In a big boost to the Justice Department’s financial fraud efforts, Congress on Monday sent the Fraud Enforcement and Recovery Act (FERA) to President Obama for his signature.
The legislation is in response to the mortgage fraud and financial services meltdown. It strengthens the False Claims Act, the whistleblowing legislation that has helped the U.S. recover more than $15 billion over the last eight years. As we reported last month, the bill also authorizes $245 million a year over two years to hire more than 300 federal agents, 200 prosecutors and 200 forensic analysts to rebuild “white collar” enforcement efforts that took a back seat after the 9/11 attacks to counter-terrorism. “This bill is a step toward holding accountable those who have caused so much damage to our economy,” Senate Judiciary Committee Chairman Pat Leahy (D-Vt.), a leading sponsor of the bill, said in a floor statement.
Sen. Ted Kaufman (D-Del.), another leading sponsor, said in a statement: “We can’t have separate sets of rules for people who rob banks and banks who rob people.” Sen. Charles Grassley (R-Iowa) also introduced the bill and made the following statement upon its passage:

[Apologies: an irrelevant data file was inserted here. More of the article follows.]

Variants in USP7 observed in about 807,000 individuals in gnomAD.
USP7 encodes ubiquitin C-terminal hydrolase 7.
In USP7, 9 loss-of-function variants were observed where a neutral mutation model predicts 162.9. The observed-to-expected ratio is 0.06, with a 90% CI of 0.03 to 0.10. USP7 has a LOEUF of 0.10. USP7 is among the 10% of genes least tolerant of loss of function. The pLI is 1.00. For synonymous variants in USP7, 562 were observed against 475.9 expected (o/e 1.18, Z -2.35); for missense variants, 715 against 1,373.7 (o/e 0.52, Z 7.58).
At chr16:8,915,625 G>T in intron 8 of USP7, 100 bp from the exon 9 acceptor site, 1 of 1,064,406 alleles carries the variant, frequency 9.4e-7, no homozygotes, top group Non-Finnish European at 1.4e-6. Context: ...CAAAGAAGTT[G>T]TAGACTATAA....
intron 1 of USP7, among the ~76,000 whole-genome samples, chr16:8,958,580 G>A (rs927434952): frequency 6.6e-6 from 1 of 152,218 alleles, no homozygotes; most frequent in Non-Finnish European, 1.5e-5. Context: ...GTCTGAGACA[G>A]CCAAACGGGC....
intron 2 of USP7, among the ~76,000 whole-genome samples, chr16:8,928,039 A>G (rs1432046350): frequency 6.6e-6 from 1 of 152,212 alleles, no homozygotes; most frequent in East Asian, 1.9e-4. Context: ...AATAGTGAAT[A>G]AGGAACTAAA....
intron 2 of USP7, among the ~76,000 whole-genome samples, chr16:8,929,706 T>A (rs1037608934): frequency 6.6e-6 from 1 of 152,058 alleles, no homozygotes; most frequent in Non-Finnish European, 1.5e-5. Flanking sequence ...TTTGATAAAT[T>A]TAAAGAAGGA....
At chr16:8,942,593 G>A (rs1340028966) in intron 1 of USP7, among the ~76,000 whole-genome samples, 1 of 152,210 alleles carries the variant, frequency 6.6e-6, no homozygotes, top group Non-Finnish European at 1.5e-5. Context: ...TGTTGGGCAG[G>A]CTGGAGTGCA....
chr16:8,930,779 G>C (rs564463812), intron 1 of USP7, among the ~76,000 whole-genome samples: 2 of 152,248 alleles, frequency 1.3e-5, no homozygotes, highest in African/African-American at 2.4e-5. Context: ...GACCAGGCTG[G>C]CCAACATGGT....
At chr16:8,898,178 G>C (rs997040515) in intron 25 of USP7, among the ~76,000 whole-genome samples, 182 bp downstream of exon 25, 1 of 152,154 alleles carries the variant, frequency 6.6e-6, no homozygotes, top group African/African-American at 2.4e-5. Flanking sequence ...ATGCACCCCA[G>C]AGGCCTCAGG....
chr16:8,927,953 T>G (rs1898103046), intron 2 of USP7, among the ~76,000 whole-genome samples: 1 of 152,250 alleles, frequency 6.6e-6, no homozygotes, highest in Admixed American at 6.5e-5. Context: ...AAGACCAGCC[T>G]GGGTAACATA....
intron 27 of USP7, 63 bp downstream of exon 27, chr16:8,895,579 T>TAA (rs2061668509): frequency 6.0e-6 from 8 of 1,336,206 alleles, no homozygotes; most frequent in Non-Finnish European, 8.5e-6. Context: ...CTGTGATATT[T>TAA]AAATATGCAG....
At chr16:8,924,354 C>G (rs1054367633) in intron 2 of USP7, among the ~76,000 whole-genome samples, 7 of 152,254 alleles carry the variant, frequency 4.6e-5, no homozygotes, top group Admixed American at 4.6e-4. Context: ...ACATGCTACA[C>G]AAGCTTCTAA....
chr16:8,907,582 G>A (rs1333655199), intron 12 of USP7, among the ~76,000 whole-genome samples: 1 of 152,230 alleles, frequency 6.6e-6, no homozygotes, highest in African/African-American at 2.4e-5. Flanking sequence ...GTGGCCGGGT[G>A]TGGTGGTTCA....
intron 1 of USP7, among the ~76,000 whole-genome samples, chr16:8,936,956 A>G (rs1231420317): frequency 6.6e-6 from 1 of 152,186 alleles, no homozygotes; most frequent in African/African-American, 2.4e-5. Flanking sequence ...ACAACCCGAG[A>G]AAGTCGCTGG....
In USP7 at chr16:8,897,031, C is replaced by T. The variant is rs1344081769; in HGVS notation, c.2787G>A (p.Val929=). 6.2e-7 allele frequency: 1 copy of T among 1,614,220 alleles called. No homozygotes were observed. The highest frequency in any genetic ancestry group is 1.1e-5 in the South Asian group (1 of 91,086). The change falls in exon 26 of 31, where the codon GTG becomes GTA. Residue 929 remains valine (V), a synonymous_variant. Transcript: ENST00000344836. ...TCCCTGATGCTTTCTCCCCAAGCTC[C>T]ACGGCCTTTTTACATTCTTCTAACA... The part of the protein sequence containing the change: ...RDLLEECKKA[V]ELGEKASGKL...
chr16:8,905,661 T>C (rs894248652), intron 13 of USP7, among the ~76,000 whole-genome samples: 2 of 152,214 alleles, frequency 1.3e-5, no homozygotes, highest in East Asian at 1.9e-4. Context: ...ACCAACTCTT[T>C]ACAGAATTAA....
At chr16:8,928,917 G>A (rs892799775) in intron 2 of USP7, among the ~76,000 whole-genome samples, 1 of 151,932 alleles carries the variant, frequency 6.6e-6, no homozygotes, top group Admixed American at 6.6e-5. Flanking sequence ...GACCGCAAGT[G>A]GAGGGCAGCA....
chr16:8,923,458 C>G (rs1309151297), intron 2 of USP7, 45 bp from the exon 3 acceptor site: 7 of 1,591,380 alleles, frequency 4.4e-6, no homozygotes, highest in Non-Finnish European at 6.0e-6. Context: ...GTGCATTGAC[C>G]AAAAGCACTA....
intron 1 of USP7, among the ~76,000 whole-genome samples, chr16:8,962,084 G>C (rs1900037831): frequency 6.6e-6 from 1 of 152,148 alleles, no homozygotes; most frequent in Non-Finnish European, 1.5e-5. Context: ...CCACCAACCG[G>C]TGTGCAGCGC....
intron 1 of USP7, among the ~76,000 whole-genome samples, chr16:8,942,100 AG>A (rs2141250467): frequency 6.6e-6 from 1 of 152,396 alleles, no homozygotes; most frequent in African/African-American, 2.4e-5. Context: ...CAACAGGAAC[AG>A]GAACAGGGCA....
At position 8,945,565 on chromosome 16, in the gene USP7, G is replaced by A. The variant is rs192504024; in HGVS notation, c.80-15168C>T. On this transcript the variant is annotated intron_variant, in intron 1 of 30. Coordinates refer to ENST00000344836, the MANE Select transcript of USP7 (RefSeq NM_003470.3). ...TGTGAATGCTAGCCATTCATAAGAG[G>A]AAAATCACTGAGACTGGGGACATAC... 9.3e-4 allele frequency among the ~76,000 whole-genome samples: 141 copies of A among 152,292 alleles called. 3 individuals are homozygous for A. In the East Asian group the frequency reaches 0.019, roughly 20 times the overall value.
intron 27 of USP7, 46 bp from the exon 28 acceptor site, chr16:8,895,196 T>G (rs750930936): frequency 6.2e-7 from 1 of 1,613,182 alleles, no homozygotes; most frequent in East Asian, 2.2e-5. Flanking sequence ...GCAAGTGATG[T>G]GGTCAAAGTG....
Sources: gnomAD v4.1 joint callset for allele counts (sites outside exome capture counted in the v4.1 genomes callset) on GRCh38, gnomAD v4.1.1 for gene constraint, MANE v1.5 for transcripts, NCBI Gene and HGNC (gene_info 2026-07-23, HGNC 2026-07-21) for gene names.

This legislation will send a message to those who have defrauded homeowners and mortgage lenders and will send an even stronger message to those who are thinking about committing a future fraud. It includes the most significant amendments to the False Claims Act since 1986, which will ensure that court decisions that limit the FCA are overturned and congressional intent is restored. Congress has done the right thing by passing this legislation, and I hope the president signs it as quickly as possible.
The Federal Bureau of Investigation currently has fewer than 250 assigned to financial fraud cases throughout the country, and can’t investigate the more than 5000 mortgage fraud allegations the Treasury Department receives each month, Leahy’s statement said.